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Brooks' wish granted

• Nov 30, 2018 at 10:00 AM

As the garage door slowly went up, Brooks Kingma’s jaw dropped.

The rising door revealed a garage full of family and friends surrounding a new boat.

“Wish granted,” everyone yelled as 15-year-old Brooks continued to stare in disbelief.

The Spring Lake boy received the 15-foot Carolina Skiff through the Make-A-Wish Foundation.

“I love it,” said Brooks, who is now a healthy freshman at Grand Haven High School.

It hasn’t been an easy road back to this point. When he was 12, Brooks was diagnosed with germinoma, a cancer of the brain. He went through rigorous treatment at the University of Michigan, having to travel across the state to Ann Arbor every few weeks with his mom, Tami, for exhaustive rounds of chemotherapy.

The chemo worked, successfully shrinking the tumor.

As part of his journey, Brooks had the opportunity to request a trip through Make-A-Wish. He and his family were all set for a week-long visit to Turks and Caicos, a series of islands southeast of the Bahamas, near the Dominican Republic, Haiti and Cuba.

“We had the trip scheduled for this exact week last year, but then a hurricane came through the islands and tore them apart,” said Brooks’ dad, John Kingma. “When that happened, we had to send the plane tickets back. We tried to plan different trips, but it’s hard to work out a time with the family.

“Through it all, (Brooks) kept asking, ‘Can I get a boat?’ I said, ‘I doubt it. But you know what? I’ll ask,’ and they said, ‘Yup, we’ll try.’”

John knew that the boat was coming soon, but he never let on when Brooks would question him about it.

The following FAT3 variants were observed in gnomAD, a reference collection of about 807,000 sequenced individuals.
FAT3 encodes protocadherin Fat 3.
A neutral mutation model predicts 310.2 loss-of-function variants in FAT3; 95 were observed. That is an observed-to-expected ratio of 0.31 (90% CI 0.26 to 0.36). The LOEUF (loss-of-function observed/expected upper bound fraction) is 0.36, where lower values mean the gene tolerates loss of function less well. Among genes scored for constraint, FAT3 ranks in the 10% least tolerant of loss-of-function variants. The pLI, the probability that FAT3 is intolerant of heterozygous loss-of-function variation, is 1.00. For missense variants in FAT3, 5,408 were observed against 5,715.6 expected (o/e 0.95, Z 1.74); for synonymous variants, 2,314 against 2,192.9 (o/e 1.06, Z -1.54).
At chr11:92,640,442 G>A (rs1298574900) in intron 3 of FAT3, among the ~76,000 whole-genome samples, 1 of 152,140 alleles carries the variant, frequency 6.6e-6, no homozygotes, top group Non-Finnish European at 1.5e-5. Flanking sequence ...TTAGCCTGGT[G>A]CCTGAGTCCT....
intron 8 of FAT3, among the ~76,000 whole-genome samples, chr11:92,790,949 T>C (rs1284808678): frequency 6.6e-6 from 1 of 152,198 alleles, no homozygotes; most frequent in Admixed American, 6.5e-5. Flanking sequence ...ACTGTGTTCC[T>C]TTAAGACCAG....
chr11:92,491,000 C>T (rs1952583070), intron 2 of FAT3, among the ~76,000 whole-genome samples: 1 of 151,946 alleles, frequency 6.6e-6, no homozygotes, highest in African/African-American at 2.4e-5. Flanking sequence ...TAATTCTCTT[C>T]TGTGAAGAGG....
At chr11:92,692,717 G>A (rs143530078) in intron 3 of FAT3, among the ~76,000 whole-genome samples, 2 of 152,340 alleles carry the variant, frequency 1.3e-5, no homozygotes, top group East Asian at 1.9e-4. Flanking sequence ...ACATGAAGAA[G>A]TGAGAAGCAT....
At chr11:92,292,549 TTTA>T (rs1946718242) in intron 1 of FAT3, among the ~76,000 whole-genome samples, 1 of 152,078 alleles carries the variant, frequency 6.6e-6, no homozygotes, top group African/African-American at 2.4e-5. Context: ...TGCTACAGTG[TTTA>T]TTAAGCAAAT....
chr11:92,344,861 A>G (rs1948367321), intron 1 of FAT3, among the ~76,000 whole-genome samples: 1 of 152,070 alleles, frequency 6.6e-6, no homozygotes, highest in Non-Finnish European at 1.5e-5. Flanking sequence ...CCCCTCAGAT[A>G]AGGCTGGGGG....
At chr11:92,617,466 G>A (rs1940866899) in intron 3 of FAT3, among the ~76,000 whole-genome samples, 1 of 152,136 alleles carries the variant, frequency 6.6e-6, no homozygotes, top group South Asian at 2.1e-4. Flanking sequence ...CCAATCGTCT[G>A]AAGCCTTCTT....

“This was a big-time surprise,” Brooks said as he sat in the boat, his hands grasping the steering wheel. “Literally, just last night I asked my dad, ‘Have you heard anything from Make-A-Wish? An email or anything?’ And he said, ‘No, not yet.’”

Brooks said he’s always loved boating. The family owned a boat, but had to sell it when Brooks got sick.

“I just love being on the water,” he said. “I’ve always wanted my own boat, and now I’ve got it.”

Brooks said the new boat more than makes up for last year’s disappointment of missing out on the trip.

“I was thinking about it, and a trip is only a week,” he said. “This will last for years.”

Several representatives from Make-A-Wish attended Thursday’s surprise unveiling of the boat, including Ashley Sanregret, who said that Brooks’ reaction to the boat was priceless — one of the most moving Make-A-Wish surprises she’s ever witnessed.

“All of our wishes are really unique, and we never know what the next wish is going to be,” she said. “This is really cool because it’s a wish that will keep on giving — to be able to be out with his family on his boat.”

Sanregret noted that it takes overwhelming community support to make such wishes come true.

“We can’t grant wishes without the community support,” she said. “All the money we raise here stays right here in Michigan.”

The boat was also made possible through the generosity of the Carolina Skiff boat company; Suzuki, which supplied the motor; and Yacht Club trailers.

“We are proud and thrilled to be able to participate in something like this,” said Ray Smith of Carolina Skiff as Brooks sat beaming in his new boat. “To see the smile on your face, it’s priceless.”

Brooks now faces the prospect of a long, cold winter of dreaming about launching his boat for the first time.

“I’ll hang out in it, sit in it, get the feel for it,” he said. “And come this summer, I won’t be home much.”

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